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Author Topic: Gridwatch Overnight Tonight 14/06/18  (Read 1669 times)
dan_b
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« Reply #15 on: June 14, 2018, 12:56:42 PM »

Lowest ever working weekday carbon intensity on the UK Grid. Last record was 108 gCO2/kWh 11:30 7th June 2017 and it’ll probably go a little lower still.




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« Reply #16 on: June 14, 2018, 01:20:04 PM »

Well that's jolly good news old chap!  extrahappy
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gnarly
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« Reply #17 on: June 14, 2018, 01:59:46 PM »

Also just spotted this which is a forward prediction of carbon intensity... for next 96 hours !  Has an API too

http://carbonintensity.org.uk
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MeatyFool
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« Reply #18 on: June 14, 2018, 02:16:51 PM »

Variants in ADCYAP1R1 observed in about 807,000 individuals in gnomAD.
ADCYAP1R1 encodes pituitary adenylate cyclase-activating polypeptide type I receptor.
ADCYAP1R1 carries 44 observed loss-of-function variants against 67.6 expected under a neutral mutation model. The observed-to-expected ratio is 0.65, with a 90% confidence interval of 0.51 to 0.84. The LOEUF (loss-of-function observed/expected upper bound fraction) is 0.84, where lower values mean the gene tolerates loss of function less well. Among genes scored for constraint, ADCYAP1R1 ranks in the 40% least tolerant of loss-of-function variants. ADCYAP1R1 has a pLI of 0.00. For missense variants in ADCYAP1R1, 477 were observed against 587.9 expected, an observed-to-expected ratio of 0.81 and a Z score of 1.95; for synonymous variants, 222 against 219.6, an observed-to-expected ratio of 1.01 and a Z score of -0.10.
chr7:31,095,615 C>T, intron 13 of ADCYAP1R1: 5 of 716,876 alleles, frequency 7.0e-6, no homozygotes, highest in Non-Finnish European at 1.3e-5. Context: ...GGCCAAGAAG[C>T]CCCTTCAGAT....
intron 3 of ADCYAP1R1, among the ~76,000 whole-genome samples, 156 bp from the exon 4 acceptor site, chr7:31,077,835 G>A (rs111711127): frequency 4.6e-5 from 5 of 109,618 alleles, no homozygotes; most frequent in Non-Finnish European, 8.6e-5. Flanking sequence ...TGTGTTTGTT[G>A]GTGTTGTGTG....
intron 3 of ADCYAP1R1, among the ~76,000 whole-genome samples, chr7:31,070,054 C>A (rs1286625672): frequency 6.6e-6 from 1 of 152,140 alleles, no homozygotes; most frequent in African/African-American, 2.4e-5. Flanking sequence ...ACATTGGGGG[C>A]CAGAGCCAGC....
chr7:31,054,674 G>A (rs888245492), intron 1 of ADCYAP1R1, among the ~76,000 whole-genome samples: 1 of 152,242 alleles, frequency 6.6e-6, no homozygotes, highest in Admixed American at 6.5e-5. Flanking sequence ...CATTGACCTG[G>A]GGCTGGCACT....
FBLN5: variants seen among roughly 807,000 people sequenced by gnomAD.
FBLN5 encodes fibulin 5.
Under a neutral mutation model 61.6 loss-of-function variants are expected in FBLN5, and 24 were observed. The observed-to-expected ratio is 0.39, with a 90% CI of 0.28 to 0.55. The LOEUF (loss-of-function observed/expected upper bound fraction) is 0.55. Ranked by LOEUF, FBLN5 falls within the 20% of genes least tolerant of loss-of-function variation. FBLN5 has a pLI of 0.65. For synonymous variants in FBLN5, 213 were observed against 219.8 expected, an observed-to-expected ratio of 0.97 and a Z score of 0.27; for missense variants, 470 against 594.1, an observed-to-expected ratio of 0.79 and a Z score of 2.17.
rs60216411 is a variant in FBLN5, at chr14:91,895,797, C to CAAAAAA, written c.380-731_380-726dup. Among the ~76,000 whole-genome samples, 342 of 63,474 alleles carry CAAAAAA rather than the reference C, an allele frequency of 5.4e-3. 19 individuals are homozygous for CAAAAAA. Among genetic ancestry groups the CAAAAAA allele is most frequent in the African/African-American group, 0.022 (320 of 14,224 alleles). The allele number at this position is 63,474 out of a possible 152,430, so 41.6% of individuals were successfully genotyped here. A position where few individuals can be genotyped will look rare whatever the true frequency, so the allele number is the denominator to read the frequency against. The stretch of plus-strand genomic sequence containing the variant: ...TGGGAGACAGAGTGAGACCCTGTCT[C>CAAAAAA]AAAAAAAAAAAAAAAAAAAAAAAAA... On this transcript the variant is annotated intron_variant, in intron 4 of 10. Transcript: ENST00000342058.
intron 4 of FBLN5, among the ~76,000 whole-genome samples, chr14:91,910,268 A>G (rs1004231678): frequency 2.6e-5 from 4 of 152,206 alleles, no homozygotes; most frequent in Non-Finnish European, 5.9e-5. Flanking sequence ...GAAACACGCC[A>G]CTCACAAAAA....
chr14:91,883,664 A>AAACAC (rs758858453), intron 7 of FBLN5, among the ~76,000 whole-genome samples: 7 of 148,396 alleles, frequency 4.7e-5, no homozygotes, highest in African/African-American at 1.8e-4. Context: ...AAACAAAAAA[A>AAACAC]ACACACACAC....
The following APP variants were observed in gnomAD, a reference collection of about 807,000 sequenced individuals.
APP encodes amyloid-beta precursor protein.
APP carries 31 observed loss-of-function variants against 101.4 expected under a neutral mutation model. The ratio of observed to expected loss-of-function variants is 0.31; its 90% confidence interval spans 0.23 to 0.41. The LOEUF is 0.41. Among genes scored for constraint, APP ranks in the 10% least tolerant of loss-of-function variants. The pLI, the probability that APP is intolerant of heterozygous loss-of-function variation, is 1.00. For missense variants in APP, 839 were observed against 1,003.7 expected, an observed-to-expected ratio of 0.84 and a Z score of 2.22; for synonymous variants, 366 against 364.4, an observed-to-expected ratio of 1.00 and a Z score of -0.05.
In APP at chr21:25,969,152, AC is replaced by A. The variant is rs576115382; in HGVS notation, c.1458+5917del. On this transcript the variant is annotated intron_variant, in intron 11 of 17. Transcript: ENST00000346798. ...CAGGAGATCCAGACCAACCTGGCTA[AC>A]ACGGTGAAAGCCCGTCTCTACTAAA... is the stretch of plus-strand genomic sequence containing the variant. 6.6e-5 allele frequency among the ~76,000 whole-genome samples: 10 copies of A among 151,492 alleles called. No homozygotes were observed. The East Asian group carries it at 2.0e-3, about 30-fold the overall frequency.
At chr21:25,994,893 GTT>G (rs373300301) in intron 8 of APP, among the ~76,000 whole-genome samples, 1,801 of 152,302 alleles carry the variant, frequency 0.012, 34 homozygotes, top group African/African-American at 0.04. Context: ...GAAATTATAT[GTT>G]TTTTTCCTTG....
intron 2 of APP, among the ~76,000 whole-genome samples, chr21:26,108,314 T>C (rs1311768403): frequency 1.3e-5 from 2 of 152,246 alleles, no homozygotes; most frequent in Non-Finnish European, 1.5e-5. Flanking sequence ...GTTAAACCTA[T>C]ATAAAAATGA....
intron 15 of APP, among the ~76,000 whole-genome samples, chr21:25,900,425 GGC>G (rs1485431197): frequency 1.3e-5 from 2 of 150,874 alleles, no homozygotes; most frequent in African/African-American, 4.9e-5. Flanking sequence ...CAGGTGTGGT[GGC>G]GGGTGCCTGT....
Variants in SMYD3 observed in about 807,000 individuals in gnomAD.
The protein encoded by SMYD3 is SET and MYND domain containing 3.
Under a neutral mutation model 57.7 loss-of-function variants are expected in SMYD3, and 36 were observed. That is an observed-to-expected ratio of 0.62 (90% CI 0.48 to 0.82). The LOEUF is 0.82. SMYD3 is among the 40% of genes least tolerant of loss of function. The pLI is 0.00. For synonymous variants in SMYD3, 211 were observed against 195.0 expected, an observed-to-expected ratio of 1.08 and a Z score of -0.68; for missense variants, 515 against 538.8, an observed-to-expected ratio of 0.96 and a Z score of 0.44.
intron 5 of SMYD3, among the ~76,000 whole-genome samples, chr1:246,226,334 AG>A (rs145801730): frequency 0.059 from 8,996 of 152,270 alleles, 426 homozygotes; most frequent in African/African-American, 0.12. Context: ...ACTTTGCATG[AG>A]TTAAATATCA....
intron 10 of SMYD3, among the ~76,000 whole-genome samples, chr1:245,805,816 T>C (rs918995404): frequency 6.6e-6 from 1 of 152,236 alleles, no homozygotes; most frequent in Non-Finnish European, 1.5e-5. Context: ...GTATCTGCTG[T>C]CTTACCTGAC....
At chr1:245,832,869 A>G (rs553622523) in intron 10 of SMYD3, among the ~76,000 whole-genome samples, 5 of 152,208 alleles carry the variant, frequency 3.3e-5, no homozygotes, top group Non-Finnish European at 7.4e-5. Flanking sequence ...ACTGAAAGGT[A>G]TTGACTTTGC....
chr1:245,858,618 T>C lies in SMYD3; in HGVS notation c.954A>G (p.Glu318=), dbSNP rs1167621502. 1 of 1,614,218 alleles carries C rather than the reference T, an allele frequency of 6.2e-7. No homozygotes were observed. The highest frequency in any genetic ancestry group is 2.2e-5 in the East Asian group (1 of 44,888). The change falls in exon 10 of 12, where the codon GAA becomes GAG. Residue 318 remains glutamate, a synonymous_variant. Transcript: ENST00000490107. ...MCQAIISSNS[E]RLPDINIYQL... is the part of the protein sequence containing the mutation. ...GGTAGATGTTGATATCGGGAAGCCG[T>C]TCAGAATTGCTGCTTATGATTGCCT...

just installed the app dan_b uses - first result 91 gCO2/kWh!!!!!

70.7% top three sources (non-FF, wind, nuclear, solar)

Meatyfool..
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phoooby
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« Reply #19 on: June 14, 2018, 03:24:44 PM »

That carbon intensity link above is good. South West region is currently 2g co2 per kWh !. Mostly solar, wind and nuclear, with 0.8% gas. Very impressive !
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djs63
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« Reply #20 on: June 14, 2018, 03:36:12 PM »

The north east data is very similar to phooby’s south west. Bit cheesed that so much electricityis coming from nuclear which produces a bit less CO2 but has other problems sh*tfan